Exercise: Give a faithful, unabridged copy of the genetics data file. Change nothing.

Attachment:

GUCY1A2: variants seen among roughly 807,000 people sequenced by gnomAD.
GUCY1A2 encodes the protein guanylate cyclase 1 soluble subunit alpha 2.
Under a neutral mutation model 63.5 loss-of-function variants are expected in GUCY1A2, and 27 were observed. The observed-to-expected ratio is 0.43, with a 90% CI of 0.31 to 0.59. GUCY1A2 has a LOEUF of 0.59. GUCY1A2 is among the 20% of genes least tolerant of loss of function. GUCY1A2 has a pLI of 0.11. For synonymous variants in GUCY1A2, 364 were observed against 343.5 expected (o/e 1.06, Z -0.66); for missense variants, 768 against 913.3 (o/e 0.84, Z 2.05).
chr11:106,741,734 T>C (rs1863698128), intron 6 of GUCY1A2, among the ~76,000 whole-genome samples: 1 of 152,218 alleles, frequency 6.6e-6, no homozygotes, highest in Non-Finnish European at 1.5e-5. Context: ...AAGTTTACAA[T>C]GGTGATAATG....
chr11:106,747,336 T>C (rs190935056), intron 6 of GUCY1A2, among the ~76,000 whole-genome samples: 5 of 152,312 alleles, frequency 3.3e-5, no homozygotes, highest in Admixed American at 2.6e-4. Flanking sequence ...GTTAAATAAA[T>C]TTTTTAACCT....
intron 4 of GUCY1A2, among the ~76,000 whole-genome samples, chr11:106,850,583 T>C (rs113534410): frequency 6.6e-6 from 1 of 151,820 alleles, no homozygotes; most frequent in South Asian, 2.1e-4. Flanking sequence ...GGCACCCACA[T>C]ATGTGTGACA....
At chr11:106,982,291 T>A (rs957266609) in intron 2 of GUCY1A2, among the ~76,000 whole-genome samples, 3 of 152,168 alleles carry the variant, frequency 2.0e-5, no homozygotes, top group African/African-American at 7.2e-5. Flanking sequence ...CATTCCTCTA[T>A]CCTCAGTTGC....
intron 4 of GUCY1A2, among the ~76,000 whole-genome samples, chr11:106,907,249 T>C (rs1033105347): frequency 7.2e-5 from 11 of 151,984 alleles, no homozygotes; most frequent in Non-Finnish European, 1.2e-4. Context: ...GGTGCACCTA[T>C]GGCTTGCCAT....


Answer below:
GUCY1A2: variants seen among roughly 807,000 people sequenced by gnomAD.
GUCY1A2 encodes the protein guanylate cyclase 1 soluble subunit alpha 2.
Under a neutral mutation model 63.5 loss-of-function variants are expected in GUCY1A2, and 27 were observed. The observed-to-expected ratio is 0.43, with a 90% CI of 0.31 to 0.59. GUCY1A2 has a LOEUF of 0.59. GUCY1A2 is among the 20% of genes least tolerant of loss of function. GUCY1A2 has a pLI of 0.11. For synonymous variants in GUCY1A2, 364 were observed against 343.5 expected (o/e 1.06, Z -0.66); for missense variants, 768 against 913.3 (o/e 0.84, Z 2.05).
chr11:106,741,734 T>C (rs1863698128), intron 6 of GUCY1A2, among the ~76,000 whole-genome samples: 1 of 152,218 alleles, frequency 6.6e-6, no homozygotes, highest in Non-Finnish European at 1.5e-5. Context: ...AAGTTTACAA[T>C]GGTGATAATG....
chr11:106,747,336 T>C (rs190935056), intron 6 of GUCY1A2, among the ~76,000 whole-genome samples: 5 of 152,312 alleles, frequency 3.3e-5, no homozygotes, highest in Admixed American at 2.6e-4. Flanking sequence ...GTTAAATAAA[T>C]TTTTTAACCT....
intron 4 of GUCY1A2, among the ~76,000 whole-genome samples, chr11:106,850,583 T>C (rs113534410): frequency 6.6e-6 from 1 of 151,820 alleles, no homozygotes; most frequent in South Asian, 2.1e-4. Flanking sequence ...GGCACCCACA[T>C]ATGTGTGACA....
At chr11:106,982,291 T>A (rs957266609) in intron 2 of GUCY1A2, among the ~76,000 whole-genome samples, 3 of 152,168 alleles carry the variant, frequency 2.0e-5, no homozygotes, top group African/African-American at 7.2e-5. Flanking sequence ...CATTCCTCTA[T>A]CCTCAGTTGC....
intron 4 of GUCY1A2, among the ~76,000 whole-genome samples, chr11:106,907,249 T>C (rs1033105347): frequency 7.2e-5 from 11 of 151,984 alleles, no homozygotes; most frequent in Non-Finnish European, 1.2e-4. Context: ...GGTGCACCTA[T>C]GGCTTGCCAT....